This type of goal-setting technique involves using your goal to help you decide what steps can help you reach that goal. By working backward, you can take a significant goal and make it more achievable. This can also be helpful for people who aren't sure what goal they want. They know what kind of future they want. Using this technique allows them to translate that vision into measurable goals.
7. Values-based goals
Goals may be easier to achieve if they align with values that are important to you. For example, if you keep arriving to work late but you consider responsibility a critical value, set a goal of arriving on time and remind yourself that doing this is essential.
If you want to be responsible and show others that responsibility is valuable, this may motivate you to complete this goal.
8. Locke and Latham's five principles of goal-setting
Locke and Latham developed a technique for setting goals that help the goal-setter succeed. The principles include:
Clarity: Set clear goals you can measure and understand. Doing so helps you achieve the goal and know when you've succeeded, improving motivation.
Challenge: Make sure your goal requires effort to complete. Rather than setting a goal to attend one leadership seminar this year, set a goal to attend one monthly because a problematic task provides more motivation.
Commitment: Find a goal that you want to accomplish. The more committed you are to achieving your goal, the more likely you are to complete it.
Feedback: Check on your goal regularly and provide yourself with ongoing feedback. If you can ask someone else for feedback, this may help even more and encourage you to stay on track to completing your goal.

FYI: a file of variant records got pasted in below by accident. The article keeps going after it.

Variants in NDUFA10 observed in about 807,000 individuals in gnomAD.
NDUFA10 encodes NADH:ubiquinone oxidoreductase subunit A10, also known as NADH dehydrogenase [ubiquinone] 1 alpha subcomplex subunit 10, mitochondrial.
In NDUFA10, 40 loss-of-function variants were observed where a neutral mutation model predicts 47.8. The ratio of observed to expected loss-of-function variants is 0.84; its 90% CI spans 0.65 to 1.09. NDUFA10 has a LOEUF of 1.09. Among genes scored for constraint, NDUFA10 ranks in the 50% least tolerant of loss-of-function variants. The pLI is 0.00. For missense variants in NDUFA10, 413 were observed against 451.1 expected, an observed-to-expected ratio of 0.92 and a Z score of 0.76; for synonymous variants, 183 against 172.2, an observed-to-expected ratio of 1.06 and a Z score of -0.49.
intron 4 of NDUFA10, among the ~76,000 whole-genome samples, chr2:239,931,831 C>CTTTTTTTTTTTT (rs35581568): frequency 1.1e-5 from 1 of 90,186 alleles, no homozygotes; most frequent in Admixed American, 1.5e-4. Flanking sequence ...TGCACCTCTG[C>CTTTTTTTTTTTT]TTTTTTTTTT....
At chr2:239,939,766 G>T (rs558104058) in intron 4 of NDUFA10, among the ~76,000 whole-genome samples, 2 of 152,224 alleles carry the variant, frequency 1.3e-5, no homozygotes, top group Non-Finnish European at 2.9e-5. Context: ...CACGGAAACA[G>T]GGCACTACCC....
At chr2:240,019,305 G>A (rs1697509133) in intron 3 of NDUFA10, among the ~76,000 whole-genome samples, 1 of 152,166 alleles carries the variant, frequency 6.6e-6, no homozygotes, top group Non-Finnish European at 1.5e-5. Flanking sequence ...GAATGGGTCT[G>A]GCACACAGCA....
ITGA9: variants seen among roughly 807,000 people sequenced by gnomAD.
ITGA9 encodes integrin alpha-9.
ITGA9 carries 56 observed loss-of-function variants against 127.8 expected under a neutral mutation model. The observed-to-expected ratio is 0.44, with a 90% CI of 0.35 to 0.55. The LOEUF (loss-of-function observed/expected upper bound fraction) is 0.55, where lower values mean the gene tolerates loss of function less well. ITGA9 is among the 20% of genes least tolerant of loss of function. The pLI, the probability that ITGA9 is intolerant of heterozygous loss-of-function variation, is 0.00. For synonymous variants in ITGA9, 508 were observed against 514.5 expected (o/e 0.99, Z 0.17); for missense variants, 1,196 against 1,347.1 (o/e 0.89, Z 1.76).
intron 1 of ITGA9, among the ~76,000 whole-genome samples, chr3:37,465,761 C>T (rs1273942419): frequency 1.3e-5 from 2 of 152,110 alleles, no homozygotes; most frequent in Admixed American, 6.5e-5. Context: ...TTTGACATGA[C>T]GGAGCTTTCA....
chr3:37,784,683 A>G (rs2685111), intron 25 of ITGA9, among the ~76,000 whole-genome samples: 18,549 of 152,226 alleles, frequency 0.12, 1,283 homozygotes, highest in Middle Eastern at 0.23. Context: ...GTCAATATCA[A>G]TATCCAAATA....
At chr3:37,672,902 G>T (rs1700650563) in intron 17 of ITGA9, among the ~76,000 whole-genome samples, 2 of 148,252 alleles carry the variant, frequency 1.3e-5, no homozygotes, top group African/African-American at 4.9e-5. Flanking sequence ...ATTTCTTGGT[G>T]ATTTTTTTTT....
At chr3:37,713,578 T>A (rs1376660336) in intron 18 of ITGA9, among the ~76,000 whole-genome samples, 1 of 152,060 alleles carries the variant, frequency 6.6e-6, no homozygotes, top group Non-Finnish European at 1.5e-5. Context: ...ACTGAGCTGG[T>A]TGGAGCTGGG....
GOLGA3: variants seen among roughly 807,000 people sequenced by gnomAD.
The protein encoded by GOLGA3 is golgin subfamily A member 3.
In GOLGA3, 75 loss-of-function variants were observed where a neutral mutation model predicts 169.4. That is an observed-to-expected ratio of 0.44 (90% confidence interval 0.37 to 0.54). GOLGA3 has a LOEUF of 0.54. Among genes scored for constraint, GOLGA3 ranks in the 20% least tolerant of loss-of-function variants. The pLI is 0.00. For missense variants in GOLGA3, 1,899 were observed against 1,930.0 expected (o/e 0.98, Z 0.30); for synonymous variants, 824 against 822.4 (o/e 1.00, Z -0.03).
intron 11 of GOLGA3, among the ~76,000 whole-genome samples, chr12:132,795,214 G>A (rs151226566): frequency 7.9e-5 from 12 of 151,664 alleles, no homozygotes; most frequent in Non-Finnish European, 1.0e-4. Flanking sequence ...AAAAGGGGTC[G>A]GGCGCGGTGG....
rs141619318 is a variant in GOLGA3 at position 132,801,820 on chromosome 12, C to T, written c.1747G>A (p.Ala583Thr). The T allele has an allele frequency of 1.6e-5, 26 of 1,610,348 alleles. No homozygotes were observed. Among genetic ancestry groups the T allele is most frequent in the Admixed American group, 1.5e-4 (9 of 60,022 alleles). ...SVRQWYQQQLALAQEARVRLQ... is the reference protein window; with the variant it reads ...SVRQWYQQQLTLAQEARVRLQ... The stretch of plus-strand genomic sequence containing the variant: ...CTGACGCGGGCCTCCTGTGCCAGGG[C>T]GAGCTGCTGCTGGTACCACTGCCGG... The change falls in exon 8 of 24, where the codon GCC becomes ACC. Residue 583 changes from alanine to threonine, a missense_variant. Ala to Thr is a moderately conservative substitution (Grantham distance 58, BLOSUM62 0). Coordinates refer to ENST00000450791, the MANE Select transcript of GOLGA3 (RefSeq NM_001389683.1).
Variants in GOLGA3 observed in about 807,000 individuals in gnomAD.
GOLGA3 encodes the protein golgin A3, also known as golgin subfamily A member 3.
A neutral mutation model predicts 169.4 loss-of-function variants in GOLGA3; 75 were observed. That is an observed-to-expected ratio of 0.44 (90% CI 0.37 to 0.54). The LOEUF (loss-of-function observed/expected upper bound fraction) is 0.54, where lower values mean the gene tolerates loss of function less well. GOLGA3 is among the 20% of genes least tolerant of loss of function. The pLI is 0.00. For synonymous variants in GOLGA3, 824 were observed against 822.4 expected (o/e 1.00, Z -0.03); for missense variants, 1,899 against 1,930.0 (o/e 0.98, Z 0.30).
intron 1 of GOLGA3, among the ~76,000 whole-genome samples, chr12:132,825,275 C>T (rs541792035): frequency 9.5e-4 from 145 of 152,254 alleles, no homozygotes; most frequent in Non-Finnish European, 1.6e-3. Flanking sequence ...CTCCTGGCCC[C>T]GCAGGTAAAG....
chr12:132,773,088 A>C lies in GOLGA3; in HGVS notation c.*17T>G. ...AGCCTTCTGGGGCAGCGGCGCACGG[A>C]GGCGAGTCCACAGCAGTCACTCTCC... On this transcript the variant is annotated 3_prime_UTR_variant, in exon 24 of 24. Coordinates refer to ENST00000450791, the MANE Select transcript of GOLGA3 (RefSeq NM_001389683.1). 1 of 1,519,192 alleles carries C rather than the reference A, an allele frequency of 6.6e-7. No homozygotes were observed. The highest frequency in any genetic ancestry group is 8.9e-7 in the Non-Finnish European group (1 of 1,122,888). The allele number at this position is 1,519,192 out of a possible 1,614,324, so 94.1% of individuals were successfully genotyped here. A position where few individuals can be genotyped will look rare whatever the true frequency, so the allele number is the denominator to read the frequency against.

Task complexity: Be sure your goal isn't beyond your ability to complete. For example, if you don't know how to code but know it would help your career to learn, rather than set a goal of learning every coding language out there, choose one language and aim to become proficient in it.
9. One-word goals
This technique emphasizes simplicity. Find one word that describes your goal and use that as your motivation. This allows you to find a memorable and simple goal, which can help new goal-setters find something achievable and doable for them.
10. Visual goals
Some people find it easier to use visual representations of their goals. Imagine what your goal looks like and find a picture that represents it. Place your images where you might encounter them daily, such as your bathroom mirror or car dashboard. Use the picture as the background for your desktop or phone. Find a quote that relates to it and tape it to your monitor. Each time you see the image, remind yourself of your goal or your reason for achieving it.
The top ten goal-setting techniques should assist you in achieving your optimum success. Not sure which best meets your needs. Commit Acts of Commission by testing all ten if needed.